Ginger Snaps II: Unleashed
July 4, 2002
Director: Brett Sullivan,
Starring: Emily Perkins, Katharine Isabelle, Tatiana Maslany, Janet Kidder, Eric Johnson, Pascale Hutton, Patricia Idlette, David McNally, Susan Adam, Shaun Johnston, Jake Mackinnon, Brendan Fletcher, Lydia Lau, ,
With Ginger dead, it’s now Brigitte’s turn to fight the burning desire to grow a snout and devour human flesh.
The second of three movies involving girls turning into werewolves, Unleashed doesn’t focus so much on the deceased Ginger as it does on little sister Brigitte, so really it should be called Brigitte Snaps. The original Ginger Snaps movie won a cult following for its unique female view on lycanthrope and the effect it had when one sister got infected and the other searched for a cure. Sure, the gore was cool, but it was the relationship between Brigitte and Ginger that raised it above its low-budget Canadian horror roots.
The sequel sees Brigitte alone and hooked on Monkshood, the herbal remedy she uses to remain in human form. Unfortunately it’s not a cure, just a time delay, and things are made even worse when she’s taken to a mental hospital because the authorities mistake her for a suicidal drug addict. With no Monkshood it’s only a matter of time before she changes and kills everyone. But something is following her in the dark and has a craving of its own…
Director Sullivan (editor of the first Ginger Snaps) never quite recreates the drama of the first film, relying on a heavy plot that sees character development fall by the wayside. He’s so busy trying to make everything interesting, he forgets that a simple scene with two people talking can be just as effective as running and screaming. Scenes start and finish as quickly as possible so you don’t have time to question the plot holes, and you’re left feeling rather uninvolved (it’s never made clear who’s chasing Brigitte – presumably it’s the idiot jock from the first movie). And on occassion it all looks rather straight-to-videoish, which probably explains its lack of theatrical release in the states.
Ginger has a cameo role as a ghost but you get the feeling she was an afterthought, and Sullivan plain forgets about her about halfway through the movie.
So that’s the bad stuff. This isn’t a total waste of time and as far as B-movie horror sequels go, it isn’t half bad. Ghost (Brigitte’s singular friend at the hospital) is an original creation, being both creepy and funny, sympathetic and evil, and towards the end her story starts to eclipse Brigitte with a clever Little Red Riding Hood riff. There are some good scares and if the script is slightly creaky, Perkins and Maslany give it 110%. The ending is even darker than the first movie – something not to be sniffed at in a world of 12A’s and growing knee-jerk censorship (thank you Janet Jackson).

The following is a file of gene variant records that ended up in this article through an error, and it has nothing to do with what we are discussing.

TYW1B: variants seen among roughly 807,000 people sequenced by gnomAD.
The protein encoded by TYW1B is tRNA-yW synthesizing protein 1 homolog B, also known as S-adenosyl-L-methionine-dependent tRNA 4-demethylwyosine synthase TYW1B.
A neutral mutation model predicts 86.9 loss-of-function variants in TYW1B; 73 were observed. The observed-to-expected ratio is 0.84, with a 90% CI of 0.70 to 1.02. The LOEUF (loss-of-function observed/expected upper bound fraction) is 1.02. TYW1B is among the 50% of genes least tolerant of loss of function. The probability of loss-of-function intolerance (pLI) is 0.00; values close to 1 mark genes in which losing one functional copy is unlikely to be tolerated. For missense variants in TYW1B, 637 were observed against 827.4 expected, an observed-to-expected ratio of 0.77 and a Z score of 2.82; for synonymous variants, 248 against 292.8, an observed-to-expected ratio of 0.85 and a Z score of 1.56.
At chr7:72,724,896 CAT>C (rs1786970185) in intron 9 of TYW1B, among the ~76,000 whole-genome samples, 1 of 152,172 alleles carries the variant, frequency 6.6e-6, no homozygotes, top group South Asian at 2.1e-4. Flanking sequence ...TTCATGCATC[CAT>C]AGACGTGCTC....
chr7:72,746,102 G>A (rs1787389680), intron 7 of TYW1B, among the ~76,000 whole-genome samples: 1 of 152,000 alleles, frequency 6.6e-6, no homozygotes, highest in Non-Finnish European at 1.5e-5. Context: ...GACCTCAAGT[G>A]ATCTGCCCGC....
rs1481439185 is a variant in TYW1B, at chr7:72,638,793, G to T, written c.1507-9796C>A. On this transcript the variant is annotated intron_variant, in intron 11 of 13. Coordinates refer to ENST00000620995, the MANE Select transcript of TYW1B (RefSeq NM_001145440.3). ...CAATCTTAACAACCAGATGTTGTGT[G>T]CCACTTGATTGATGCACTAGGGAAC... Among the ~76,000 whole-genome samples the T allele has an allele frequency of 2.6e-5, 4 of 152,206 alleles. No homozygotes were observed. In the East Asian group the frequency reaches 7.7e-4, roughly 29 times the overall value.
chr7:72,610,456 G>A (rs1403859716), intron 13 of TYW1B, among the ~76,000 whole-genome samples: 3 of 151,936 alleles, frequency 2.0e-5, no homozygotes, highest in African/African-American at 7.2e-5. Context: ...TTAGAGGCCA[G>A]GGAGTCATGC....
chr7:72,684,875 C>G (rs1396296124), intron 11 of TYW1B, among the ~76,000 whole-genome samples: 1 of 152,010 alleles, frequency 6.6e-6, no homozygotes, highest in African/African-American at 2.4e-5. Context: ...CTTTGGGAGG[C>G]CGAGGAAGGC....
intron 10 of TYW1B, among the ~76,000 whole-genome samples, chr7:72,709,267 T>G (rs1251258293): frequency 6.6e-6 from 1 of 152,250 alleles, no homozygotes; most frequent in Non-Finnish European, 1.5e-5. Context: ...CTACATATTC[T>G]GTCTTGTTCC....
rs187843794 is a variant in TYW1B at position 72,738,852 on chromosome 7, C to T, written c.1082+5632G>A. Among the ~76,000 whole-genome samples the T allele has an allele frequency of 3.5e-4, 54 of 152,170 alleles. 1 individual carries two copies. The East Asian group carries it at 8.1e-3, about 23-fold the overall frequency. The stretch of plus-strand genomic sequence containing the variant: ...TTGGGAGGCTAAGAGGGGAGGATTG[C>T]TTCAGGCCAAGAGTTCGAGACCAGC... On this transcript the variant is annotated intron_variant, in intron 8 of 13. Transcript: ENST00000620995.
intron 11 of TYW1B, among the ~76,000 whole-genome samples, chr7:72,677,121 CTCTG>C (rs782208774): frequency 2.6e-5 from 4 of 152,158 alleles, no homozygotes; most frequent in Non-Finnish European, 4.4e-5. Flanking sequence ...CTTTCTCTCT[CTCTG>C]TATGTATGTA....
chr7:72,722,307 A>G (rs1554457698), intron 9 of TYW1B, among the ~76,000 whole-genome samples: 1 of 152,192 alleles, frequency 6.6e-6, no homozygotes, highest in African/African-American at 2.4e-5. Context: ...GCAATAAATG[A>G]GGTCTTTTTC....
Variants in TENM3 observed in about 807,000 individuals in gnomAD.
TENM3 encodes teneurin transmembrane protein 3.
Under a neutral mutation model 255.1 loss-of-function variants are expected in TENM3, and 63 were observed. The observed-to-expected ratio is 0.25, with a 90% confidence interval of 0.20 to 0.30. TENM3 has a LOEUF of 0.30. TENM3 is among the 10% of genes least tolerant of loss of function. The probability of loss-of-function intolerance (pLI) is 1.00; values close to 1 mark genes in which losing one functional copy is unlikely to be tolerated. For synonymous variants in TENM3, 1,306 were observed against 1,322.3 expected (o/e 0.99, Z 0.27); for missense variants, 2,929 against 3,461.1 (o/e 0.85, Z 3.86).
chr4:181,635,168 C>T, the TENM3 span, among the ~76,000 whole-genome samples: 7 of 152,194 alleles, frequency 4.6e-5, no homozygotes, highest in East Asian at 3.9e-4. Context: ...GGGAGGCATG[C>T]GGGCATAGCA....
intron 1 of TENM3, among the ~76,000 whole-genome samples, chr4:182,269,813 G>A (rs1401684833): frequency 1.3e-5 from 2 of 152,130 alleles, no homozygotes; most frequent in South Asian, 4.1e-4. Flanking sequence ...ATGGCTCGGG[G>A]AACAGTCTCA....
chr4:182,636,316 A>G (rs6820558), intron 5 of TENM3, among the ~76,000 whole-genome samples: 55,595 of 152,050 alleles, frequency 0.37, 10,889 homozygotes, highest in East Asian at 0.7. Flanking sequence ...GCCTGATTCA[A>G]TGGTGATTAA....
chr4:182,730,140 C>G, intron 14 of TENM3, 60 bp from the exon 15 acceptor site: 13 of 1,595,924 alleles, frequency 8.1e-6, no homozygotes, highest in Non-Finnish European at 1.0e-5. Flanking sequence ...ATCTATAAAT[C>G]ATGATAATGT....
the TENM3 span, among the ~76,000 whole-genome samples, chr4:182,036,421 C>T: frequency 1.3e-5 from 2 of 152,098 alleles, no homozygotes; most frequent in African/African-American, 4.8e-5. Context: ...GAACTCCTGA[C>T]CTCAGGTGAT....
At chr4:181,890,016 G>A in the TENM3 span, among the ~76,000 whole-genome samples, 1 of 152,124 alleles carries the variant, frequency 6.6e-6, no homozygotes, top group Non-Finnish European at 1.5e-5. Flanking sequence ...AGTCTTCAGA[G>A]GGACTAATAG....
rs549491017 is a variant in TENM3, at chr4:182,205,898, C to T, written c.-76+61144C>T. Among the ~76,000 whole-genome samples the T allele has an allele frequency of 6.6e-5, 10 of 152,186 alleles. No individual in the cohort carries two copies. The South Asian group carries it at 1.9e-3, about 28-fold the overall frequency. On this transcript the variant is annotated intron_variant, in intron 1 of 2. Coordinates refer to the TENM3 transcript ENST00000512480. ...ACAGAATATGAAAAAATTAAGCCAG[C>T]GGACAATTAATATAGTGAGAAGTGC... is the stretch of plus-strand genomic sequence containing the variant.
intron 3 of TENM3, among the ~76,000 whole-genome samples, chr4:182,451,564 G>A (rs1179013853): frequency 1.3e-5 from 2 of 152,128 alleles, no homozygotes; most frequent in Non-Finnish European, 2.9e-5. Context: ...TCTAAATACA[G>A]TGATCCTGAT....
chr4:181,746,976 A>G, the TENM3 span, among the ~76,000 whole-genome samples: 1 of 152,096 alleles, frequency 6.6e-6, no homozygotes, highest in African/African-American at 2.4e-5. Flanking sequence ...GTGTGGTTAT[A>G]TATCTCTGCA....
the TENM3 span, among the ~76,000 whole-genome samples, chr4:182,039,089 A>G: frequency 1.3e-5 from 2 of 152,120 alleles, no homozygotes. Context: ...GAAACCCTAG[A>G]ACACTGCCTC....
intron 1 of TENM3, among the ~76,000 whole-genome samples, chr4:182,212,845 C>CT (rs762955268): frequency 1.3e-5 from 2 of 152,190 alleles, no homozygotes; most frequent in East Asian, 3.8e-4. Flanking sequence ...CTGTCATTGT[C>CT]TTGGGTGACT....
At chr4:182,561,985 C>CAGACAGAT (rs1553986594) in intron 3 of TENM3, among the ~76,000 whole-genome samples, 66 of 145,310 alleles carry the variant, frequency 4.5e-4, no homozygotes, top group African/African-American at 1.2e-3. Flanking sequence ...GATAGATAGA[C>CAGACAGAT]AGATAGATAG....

Like the Matrix sequels, Ginger Snaps Back was shot at the same time as Unleashed, and will be released in the autumn – a prequel set in the 19th Century with both Ginger and Brigitte as the same characters in a past life who take refuge in a fort.
Ginger Snaps Unleashed is an odd beast. It’s a superior monster movie than its predecessor, but packs a weaker emotional punch. Perhaps with a bigger budget and Fawcett back at the helm, this could have been exceptional. As it is, it’s merely acceptable.
First off, the DVD transfer is terrible. Dark scenes (of which there are many) become red and pixelated. And the sound isn’t much to write home about either. You get the feeling the film was rushed onto DVD with no real care.
The extras aren’t too bad though, with behind the scenes snippets about everything from the make-up effects and casting to production design. There are deleted scenes and storyboards, but the best surprise here is a previously unseen trailer for the third film, which seems to suffer from the same limited budget, but reteams Ginger and Brigitte against a werewolf, which is the magic element missing from Unleashed.
The commentary is also surprisingly good, with input from John Fawcett, who directed the first movie, Sullivan, and the producers. Fawcett is so enthusiastic about the sequels that you start to wonder why he gave them to his editor and second unit director to make in the first place.